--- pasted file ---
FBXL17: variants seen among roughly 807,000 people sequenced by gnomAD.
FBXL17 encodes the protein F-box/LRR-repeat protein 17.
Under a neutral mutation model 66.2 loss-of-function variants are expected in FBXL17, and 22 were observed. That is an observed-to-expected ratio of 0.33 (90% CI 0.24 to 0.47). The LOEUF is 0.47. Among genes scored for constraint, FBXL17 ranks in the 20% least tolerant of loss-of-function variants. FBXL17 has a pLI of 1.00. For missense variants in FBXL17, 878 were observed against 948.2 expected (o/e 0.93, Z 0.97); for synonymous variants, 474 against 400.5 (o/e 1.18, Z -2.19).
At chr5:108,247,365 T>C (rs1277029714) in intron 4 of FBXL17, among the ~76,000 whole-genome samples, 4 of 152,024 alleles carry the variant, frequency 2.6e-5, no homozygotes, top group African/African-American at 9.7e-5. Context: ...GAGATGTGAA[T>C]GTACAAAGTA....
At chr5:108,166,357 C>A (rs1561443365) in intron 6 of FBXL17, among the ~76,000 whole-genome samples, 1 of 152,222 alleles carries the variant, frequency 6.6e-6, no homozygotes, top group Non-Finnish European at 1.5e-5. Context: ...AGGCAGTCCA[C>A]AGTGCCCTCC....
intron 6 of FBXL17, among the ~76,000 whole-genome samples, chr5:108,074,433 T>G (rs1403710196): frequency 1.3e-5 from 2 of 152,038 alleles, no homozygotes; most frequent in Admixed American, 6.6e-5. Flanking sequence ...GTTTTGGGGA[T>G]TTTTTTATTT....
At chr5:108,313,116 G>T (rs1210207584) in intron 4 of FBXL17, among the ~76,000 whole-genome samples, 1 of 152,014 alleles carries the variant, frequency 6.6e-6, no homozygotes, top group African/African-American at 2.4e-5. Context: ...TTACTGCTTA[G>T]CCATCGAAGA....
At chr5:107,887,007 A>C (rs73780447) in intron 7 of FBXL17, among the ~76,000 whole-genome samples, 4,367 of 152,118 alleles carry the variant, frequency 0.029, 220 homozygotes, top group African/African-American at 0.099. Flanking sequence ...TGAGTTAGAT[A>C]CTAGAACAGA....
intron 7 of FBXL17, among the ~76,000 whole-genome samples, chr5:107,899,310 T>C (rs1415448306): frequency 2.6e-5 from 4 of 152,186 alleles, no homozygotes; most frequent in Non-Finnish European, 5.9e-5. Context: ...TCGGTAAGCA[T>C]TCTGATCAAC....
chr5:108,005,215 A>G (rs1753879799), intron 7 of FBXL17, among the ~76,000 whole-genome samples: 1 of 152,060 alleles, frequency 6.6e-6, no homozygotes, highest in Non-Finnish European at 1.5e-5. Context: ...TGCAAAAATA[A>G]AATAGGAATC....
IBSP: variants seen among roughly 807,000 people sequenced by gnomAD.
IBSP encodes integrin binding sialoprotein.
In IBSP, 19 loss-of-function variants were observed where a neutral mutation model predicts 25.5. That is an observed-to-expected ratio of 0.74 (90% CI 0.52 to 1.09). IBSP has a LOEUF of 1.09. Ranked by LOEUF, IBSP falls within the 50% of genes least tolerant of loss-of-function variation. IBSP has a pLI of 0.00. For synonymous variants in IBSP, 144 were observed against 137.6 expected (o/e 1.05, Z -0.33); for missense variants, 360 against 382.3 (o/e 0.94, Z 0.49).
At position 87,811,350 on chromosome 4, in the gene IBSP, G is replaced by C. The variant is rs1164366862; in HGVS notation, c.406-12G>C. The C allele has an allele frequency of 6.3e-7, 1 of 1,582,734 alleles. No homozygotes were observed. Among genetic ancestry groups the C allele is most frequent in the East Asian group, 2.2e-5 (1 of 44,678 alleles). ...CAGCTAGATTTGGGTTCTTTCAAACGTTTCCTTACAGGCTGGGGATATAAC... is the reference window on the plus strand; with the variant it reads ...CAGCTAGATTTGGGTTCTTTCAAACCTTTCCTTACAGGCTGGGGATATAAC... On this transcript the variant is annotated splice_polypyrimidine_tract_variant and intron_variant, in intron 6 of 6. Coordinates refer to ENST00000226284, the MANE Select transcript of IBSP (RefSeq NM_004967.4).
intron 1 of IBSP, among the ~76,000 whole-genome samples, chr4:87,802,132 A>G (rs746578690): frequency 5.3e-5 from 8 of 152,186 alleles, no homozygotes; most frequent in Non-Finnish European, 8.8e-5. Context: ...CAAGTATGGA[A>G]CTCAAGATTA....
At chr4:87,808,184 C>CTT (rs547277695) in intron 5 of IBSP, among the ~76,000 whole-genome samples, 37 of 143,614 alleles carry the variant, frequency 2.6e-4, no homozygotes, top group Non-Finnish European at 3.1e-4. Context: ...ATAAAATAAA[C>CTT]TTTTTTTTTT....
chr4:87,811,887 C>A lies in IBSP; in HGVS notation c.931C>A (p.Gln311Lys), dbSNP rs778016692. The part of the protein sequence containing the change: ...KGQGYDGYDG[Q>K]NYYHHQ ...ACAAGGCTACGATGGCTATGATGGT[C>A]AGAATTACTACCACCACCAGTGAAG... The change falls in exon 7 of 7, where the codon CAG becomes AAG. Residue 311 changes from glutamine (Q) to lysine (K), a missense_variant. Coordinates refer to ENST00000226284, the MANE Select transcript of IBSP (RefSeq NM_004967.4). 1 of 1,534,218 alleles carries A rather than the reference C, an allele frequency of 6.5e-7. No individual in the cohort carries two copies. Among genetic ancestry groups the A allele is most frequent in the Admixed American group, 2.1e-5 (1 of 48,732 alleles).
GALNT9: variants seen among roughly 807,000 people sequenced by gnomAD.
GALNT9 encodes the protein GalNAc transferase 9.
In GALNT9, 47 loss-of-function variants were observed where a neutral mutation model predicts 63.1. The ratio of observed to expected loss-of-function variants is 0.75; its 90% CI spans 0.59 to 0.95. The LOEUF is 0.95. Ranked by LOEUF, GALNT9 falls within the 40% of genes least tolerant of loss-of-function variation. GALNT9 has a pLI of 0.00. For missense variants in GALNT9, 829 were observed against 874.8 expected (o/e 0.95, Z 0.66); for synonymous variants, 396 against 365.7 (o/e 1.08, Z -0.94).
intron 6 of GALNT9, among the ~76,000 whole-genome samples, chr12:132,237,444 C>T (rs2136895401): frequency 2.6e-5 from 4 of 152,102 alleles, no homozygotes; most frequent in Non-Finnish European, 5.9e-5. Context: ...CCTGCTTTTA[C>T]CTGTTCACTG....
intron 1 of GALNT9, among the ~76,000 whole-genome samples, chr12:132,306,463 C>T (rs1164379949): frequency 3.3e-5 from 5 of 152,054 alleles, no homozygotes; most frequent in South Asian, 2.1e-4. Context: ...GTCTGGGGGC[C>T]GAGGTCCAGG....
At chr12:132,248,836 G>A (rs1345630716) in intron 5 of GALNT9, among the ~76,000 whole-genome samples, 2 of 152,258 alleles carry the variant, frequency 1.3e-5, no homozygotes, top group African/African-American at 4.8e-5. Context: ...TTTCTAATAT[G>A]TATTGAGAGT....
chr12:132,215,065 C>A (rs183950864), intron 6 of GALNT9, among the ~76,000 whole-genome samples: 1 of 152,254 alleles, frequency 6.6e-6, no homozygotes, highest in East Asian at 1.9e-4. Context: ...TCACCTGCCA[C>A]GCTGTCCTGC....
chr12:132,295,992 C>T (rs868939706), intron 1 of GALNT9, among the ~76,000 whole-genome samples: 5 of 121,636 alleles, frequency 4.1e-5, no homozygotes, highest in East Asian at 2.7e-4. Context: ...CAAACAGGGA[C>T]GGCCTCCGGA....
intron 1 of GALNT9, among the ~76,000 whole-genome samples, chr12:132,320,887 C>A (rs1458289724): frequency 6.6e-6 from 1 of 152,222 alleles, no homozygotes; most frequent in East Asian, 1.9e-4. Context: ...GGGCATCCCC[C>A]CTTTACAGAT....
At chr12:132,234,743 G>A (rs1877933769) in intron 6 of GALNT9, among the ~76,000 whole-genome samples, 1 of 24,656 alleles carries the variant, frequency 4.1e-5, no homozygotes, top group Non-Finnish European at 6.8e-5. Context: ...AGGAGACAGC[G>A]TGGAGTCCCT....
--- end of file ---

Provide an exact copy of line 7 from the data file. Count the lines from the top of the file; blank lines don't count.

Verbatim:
At chr5:108,313,116 G>T (rs1210207584) in intron 4 of FBXL17, among the ~76,000 whole-genome samples, 1 of 152,014 alleles carries the variant, frequency 6.6e-6, no homozygotes, top group African/African-American at 2.4e-5. Context: ...TTACTGCTTA[G>T]CCATCGAAGA....